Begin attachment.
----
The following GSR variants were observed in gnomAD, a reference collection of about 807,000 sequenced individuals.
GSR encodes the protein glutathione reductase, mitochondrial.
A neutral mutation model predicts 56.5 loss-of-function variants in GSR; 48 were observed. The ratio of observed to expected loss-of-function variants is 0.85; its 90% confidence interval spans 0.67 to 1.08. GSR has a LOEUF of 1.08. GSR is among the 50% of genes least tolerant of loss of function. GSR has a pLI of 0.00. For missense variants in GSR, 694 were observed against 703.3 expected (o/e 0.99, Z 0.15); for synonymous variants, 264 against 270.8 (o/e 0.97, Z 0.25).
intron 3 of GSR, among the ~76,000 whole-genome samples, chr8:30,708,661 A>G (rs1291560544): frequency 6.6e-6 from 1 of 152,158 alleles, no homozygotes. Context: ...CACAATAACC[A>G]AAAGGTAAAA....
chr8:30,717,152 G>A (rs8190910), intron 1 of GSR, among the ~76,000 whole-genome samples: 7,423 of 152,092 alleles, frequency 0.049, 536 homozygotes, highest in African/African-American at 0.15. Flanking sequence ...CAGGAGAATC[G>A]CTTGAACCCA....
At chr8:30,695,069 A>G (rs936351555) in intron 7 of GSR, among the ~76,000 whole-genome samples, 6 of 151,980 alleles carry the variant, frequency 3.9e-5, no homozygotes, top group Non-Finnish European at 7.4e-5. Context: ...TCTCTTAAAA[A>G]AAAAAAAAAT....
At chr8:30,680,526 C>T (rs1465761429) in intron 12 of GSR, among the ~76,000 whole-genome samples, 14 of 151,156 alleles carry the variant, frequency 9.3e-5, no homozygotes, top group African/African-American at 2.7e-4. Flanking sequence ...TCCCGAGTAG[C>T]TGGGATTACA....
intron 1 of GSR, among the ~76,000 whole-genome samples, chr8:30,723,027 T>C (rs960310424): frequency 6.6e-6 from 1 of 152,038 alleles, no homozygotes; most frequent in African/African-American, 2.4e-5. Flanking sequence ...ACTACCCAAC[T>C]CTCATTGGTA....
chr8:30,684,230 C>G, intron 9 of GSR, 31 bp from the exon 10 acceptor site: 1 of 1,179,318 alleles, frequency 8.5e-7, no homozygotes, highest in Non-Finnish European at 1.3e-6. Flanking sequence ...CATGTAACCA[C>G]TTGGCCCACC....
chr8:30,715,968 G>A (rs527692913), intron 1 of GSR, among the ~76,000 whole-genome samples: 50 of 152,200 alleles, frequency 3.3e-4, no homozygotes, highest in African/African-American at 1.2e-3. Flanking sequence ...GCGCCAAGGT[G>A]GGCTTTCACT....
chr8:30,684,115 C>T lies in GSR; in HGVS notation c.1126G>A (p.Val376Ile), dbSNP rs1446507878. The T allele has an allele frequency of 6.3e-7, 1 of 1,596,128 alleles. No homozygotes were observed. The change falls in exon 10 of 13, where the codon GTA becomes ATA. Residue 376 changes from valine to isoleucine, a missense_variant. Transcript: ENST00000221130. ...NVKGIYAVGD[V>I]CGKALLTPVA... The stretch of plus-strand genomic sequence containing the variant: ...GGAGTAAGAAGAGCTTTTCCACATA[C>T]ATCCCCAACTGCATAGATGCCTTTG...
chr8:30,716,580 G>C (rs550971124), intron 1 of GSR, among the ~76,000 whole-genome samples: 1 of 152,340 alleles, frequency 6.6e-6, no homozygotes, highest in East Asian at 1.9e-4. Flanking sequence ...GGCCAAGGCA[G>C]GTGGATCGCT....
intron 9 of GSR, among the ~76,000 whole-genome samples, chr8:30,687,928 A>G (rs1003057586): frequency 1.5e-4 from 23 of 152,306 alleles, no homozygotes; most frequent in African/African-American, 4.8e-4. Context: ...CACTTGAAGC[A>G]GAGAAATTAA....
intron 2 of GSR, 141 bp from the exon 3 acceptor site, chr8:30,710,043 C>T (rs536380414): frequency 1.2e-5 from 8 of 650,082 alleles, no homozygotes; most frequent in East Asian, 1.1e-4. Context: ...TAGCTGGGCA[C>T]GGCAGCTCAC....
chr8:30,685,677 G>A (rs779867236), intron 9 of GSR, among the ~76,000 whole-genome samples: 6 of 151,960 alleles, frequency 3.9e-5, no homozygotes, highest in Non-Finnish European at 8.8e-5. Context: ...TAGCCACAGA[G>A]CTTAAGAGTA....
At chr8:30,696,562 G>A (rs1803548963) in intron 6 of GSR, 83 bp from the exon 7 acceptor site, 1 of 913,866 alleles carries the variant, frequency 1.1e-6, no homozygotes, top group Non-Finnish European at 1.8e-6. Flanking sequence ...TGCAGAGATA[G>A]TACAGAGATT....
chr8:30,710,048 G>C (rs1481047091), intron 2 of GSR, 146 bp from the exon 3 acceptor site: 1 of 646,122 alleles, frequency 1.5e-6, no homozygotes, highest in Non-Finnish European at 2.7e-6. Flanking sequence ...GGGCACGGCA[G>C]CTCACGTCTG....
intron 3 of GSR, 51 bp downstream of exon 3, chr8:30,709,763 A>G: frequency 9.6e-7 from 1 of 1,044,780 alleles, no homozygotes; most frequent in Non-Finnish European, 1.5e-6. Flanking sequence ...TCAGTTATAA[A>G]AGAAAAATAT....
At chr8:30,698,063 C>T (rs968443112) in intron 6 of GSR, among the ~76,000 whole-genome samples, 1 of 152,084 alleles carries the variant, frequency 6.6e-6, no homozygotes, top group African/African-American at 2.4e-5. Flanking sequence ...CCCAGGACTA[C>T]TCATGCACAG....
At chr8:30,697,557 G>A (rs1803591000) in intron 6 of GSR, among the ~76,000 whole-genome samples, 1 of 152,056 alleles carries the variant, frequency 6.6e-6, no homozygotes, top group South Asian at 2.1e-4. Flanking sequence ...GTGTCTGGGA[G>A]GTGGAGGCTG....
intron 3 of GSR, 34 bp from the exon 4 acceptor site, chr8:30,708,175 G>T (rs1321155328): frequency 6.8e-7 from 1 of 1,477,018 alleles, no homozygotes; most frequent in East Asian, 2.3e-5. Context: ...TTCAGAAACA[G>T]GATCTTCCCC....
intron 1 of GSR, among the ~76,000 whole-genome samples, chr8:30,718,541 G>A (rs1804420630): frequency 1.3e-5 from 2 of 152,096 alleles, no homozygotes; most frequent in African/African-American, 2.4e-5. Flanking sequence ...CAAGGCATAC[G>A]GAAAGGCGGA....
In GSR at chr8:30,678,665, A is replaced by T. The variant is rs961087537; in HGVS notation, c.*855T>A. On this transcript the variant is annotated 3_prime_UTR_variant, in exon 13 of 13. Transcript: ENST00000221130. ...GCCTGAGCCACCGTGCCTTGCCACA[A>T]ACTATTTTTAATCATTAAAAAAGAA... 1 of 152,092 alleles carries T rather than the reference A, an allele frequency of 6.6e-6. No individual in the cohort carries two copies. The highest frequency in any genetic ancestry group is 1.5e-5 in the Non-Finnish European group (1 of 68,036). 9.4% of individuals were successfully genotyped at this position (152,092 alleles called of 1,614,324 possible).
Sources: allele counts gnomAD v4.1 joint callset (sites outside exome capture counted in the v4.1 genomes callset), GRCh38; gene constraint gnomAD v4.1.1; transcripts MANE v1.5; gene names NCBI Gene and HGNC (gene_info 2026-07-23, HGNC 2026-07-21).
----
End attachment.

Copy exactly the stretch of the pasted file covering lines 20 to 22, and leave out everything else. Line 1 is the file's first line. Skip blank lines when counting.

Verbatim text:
At chr8:30,697,557 G>A (rs1803591000) in intron 6 of GSR, among the ~76,000 whole-genome samples, 1 of 152,056 alleles carries the variant, frequency 6.6e-6, no homozygotes, top group South Asian at 2.1e-4. Flanking sequence ...GTGTCTGGGA[G>A]GTGGAGGCTG....
intron 3 of GSR, 34 bp from the exon 4 acceptor site, chr8:30,708,175 G>T (rs1321155328): frequency 6.8e-7 from 1 of 1,477,018 alleles, no homozygotes; most frequent in East Asian, 2.3e-5. Context: ...TTCAGAAACA[G>T]GATCTTCCCC....
intron 1 of GSR, among the ~76,000 whole-genome samples, chr8:30,718,541 G>A (rs1804420630): frequency 1.3e-5 from 2 of 152,096 alleles, no homozygotes; most frequent in African/African-American, 2.4e-5. Flanking sequence ...CAAGGCATAC[G>A]GAAAGGCGGA....